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Recent Research on Terrorism and Disaster Response

From the SEAL Team Six raid on bin Laden's compound to tornados ripping through American cities, there have been more than enough reminders that there is a dangerous world out there. Recent research from the Heritage Foundation offers a number of remedies for keeping America safe, free, and prosperous.

 

Counting Our Lucky Stars

 

"39 Terror Plots Foiled Since 9/11: Examining Counterterrorism's Success Stories" updates previous Heritage research. Not only does this study provide a detailed accounting of all the "known" plots stopped since the September 11 attacks, the study identifies the counterterrorism tools that have proven the most effective in thwarting efforts to kill innocents on the American homeland. The report concludes, "Continuing America's success in fighting terrorism while preserving national prosperity and individual freedoms requires a dedication by Congress and the executive branch to risk-based security focused on information sharing and intelligence gathering."

 

Putting it All in Perspective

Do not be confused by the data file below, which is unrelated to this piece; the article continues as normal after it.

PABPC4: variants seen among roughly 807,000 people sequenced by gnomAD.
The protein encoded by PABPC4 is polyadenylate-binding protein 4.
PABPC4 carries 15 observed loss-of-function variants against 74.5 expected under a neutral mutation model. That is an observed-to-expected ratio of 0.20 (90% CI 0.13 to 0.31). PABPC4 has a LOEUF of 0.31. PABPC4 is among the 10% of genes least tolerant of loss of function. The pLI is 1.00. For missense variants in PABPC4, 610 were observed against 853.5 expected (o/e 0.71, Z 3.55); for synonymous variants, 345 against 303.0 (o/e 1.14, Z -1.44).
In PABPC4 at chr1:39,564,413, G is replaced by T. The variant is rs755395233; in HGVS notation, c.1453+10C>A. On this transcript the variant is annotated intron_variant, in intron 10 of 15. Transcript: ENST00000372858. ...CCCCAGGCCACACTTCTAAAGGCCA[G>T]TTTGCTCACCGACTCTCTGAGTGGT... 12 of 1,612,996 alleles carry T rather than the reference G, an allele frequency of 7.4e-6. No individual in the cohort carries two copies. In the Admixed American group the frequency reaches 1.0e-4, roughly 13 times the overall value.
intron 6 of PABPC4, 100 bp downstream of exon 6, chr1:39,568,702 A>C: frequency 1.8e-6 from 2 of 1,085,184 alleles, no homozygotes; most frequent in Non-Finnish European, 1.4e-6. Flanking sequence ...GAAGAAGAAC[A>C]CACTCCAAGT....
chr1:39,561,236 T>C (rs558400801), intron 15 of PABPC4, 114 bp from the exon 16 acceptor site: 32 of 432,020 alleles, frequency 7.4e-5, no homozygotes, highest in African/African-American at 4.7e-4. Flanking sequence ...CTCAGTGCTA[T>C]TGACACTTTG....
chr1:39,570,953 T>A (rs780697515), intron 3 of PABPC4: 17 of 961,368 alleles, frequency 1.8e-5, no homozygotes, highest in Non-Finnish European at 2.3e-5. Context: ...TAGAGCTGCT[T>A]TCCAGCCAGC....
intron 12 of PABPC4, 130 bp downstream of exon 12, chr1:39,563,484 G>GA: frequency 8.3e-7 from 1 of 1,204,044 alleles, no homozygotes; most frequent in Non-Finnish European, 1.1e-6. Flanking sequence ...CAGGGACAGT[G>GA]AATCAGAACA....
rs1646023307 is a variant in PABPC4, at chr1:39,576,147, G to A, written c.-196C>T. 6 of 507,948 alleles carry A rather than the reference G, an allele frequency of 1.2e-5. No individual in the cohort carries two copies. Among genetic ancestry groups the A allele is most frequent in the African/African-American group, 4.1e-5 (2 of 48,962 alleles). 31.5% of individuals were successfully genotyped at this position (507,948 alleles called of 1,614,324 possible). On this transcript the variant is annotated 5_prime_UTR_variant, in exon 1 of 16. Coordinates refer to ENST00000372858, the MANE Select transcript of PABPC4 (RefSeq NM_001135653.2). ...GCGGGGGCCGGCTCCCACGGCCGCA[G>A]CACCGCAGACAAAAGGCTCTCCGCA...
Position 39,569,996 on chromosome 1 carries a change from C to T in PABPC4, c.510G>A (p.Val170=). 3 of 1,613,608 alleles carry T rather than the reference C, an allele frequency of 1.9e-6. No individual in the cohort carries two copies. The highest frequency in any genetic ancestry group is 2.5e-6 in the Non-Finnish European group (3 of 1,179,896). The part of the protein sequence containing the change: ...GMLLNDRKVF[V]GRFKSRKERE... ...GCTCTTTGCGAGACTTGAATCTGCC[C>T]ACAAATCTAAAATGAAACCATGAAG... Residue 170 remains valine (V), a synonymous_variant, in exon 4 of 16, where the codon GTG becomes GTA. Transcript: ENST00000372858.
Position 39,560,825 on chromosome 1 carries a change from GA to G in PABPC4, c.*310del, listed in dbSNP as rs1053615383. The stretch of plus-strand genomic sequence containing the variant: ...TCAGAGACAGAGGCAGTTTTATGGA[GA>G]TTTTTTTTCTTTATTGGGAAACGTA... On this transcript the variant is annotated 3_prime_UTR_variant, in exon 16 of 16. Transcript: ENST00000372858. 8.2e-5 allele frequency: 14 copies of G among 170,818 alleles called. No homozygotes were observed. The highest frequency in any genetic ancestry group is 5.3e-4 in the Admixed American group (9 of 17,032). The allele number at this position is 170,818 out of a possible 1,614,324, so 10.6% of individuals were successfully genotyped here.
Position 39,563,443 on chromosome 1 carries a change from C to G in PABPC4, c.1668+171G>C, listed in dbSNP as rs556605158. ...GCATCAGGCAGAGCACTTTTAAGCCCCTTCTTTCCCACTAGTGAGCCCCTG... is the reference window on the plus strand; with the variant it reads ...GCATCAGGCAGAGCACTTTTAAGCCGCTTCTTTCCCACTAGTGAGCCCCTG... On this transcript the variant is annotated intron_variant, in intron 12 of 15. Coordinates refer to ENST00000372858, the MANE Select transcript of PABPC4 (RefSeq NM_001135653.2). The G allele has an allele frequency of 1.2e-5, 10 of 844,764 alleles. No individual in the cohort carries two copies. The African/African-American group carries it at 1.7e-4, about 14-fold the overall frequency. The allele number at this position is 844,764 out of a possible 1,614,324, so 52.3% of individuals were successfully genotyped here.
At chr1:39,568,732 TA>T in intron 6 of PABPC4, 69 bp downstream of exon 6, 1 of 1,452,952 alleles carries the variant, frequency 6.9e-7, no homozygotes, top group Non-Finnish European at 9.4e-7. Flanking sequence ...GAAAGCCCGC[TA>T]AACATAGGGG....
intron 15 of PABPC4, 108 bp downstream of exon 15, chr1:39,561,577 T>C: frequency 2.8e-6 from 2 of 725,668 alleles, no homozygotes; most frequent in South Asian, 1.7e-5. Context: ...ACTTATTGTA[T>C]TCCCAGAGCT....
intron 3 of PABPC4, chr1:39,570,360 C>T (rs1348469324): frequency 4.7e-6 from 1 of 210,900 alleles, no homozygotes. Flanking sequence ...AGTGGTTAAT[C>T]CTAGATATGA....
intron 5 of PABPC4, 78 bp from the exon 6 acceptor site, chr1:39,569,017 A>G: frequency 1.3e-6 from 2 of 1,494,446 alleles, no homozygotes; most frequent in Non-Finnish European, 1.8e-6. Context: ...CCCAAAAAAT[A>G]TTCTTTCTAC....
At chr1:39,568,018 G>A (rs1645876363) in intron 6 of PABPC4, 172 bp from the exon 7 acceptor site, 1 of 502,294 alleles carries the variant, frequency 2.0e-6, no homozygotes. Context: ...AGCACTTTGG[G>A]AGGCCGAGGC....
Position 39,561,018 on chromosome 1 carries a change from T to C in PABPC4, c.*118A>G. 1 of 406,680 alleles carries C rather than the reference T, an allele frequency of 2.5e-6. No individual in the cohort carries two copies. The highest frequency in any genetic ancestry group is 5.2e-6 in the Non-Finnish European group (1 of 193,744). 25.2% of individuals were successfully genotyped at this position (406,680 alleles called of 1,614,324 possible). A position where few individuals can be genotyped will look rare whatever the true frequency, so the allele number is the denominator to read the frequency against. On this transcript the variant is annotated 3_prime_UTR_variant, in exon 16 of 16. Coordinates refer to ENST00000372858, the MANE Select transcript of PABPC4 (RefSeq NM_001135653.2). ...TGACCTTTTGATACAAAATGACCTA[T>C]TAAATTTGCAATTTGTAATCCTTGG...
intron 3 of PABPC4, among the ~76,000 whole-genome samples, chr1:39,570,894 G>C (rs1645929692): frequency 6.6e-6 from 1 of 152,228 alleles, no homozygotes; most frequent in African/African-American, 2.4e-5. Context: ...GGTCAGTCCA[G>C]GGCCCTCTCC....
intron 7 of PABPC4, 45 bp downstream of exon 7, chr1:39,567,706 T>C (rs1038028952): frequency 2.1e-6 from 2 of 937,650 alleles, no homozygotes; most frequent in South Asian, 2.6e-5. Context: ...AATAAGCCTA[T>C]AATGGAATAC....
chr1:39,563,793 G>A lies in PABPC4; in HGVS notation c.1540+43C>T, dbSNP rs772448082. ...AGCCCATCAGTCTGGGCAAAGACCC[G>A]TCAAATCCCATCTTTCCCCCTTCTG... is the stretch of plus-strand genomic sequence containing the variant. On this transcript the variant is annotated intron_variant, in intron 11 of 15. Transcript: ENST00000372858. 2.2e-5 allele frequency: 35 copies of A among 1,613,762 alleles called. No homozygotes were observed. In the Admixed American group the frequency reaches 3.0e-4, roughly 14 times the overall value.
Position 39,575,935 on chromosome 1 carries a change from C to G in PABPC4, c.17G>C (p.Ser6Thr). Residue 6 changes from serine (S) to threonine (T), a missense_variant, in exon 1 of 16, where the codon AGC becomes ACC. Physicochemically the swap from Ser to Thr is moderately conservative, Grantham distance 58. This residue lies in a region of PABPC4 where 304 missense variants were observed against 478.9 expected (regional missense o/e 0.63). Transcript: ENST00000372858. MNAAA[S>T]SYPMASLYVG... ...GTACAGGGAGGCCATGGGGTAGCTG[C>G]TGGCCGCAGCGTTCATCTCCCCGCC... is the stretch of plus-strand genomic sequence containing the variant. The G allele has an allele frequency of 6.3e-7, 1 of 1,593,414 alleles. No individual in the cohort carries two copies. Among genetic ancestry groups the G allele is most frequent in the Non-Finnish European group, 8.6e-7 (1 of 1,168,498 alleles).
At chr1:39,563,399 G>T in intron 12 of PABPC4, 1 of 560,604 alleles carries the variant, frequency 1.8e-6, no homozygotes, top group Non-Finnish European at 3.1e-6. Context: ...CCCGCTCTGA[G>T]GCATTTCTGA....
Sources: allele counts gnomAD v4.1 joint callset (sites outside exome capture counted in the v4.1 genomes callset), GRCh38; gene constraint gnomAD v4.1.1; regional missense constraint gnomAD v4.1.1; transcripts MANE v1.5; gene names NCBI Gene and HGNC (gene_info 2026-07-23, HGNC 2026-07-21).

"Terror Trends: 40 Years' Data on International and Domestic Terrorism" offers a comprehensive and authoritative summary of one of the nation's most important national security challenges. This survey aggregates international data on global and domestic terrorism from the past 40 years. Combined with new intelligence, this data can better inform U.S. counterterrorism decisions and continue the process of delineating enhanced homeland security policies for the future.

 

Learning from Tragedy

 

As far as disasters go it is hard to think a more massive and complex catastrophe than the series of misfortunes that recently hit Japan. The massive earthquake and tsunami that struck Japan in March 2011, and the following release of radiation from the Fukushima Daiichi nuclear power station, represent one of the greatest disasters to strike the nation of Japan in recent memory. "The Great Eastern Japan Earthquake: Assessing Disaster Response and Lessons for the U.S" provides an initial assessment of the Japanese response in four critical areas. It suggests important lessons for the United States as it evaluates its own capacity to deal with catastrophes. These four critical areas are: (1)Preparedness and response; (2) Communicating the risk; (3) International assistance; (4)Critical infrastructure.

 
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